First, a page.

The Revolutionary Tea Gown | Baroness Bolsover
Updated: Oct 12
The Curse of the Corset
For centuries women had been forced into tight restrictive corsets to create an unnaturally spelt waistline, all in the name of 'fashion'.
It's no surprise these ‘shape-enhancing’ garments are now widely recognised as being the cause of many a terrible affliction from kidney ailments to hysteria.
“Is there any wonder we were hysterical, we could hardly breath!”
“Thank goodness the sandwiches and cakes were served in tiny portions, there was no room for over-indulgence, even if one wanted.”
Afternoon Tea Discomfort
It was quite the norm at Afternoon Teas, made 'fashionable' by Anna, 7th Duchess of Bedford, for ladies to sit and take tea at very low tables.
“I recall it being most uncomfortable, leaning forwards and backwards to reach out for a Garibaldi! "
Corsets could restrict the flow of digestive juices, resulting in a bloated tummy adding more pressure to an already tight garment. And nobody wants the embarrassment of a grumbling tummy, or worse still, trapped wind!
The Road to Liberation
By the second half of the 19th century however, freedom was in sight with the ever-increasing popularity of the Tea Gown.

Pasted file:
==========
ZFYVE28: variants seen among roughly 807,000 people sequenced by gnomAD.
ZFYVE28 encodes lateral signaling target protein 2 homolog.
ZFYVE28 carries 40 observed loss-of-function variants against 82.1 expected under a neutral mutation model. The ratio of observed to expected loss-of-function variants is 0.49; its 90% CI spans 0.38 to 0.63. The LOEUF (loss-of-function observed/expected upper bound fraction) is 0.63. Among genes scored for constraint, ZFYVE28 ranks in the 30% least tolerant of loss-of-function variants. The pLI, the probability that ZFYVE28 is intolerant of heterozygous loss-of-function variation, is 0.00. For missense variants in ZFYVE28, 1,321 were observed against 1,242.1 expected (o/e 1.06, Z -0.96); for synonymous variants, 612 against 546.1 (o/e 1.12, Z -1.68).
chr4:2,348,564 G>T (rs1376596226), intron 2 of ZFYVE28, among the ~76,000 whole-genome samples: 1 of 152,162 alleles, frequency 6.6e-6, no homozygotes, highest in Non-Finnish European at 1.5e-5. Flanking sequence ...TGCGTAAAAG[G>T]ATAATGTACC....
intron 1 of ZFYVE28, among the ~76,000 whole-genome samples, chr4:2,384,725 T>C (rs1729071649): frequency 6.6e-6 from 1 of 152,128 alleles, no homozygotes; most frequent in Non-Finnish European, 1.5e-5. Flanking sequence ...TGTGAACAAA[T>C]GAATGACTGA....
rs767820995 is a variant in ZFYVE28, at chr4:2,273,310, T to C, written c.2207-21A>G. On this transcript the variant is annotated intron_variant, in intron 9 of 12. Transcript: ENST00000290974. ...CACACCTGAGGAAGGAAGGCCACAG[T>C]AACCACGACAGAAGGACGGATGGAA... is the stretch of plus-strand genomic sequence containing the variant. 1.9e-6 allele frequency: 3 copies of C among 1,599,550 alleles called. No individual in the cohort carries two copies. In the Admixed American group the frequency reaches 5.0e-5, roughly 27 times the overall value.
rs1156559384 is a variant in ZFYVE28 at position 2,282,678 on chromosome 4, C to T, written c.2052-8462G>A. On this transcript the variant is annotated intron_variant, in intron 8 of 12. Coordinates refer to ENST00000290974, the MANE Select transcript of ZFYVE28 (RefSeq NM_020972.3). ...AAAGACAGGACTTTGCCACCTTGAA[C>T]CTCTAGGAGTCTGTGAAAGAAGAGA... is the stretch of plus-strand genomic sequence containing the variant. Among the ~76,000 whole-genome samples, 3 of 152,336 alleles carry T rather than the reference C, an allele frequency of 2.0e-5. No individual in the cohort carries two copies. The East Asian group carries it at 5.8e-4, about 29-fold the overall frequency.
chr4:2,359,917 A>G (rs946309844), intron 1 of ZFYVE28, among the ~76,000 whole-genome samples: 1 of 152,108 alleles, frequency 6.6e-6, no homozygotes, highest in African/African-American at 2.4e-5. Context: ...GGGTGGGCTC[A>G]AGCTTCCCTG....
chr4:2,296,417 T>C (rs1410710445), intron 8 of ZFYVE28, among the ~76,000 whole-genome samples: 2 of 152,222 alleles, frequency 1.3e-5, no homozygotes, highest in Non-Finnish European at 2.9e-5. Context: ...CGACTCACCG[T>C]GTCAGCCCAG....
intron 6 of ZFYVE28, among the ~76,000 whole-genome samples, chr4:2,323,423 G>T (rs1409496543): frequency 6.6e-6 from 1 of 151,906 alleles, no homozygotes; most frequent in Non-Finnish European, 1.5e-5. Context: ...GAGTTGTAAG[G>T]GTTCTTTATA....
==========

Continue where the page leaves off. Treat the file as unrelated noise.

A much lighter, floatier dress, worn only in the house and therefore by the hostess of a Tea Party, this garment was truly life changing. The reason? With the Tea Gown, and ONLY with the Tea Gown, a lady was not required to wear a corset. Can you imagine?
“No wonder we were all clamouring to be the Hostess of our own tea parties!”
Tea gowns were often simple in design, perhaps with a wrapper fastening, but usually with a few embellishments, such as frills, tassels and maybe a small train. Likenesses to a Japanese kimono were often seen.
Over the years the concept of the Tea Gown has changed into what we now refer to as a Dressing Gown. Though not as glamourous perhaps, the principal remains the same, it's a comfortable gown to wear in one’s home and I would just like to stress, the ‘at home’ bit.
A New Gown for the Baroness
The above French fashion plate of the late 1800's, on which the new tea gown is based, would have been truly transformational. No waistline, no corset!
“A Lady must feel utterly comfortable as well as elegant..."
And that's largely down to the cut of the dress. Liz's beautifully constructed 'waterfall' feature cascades gently down the front of the new dress, with a full length 'A' line and soft pleats to add seamless movement and style. The style is not dissimilar to the popular 'empress line' seen in Georgian ladies fashion.
Along with Emma's simply stunning hand sewn headdress and pearl necklace the Baroness' new outfit is both stylish and comfortable.
With the launch of Baroness Bolsover's Tea Blends there'll be lots of opportunities for Her Ladyship to wear her wonderful new gown and be the crème de la crème of the Tea Party!
Afternoon Tea Etiquette
Call 07930 258 399
Baroness Bolsover's Tea Gown in the Making
From design to completion.
Thank you so much to Emma and Liz for making this happen.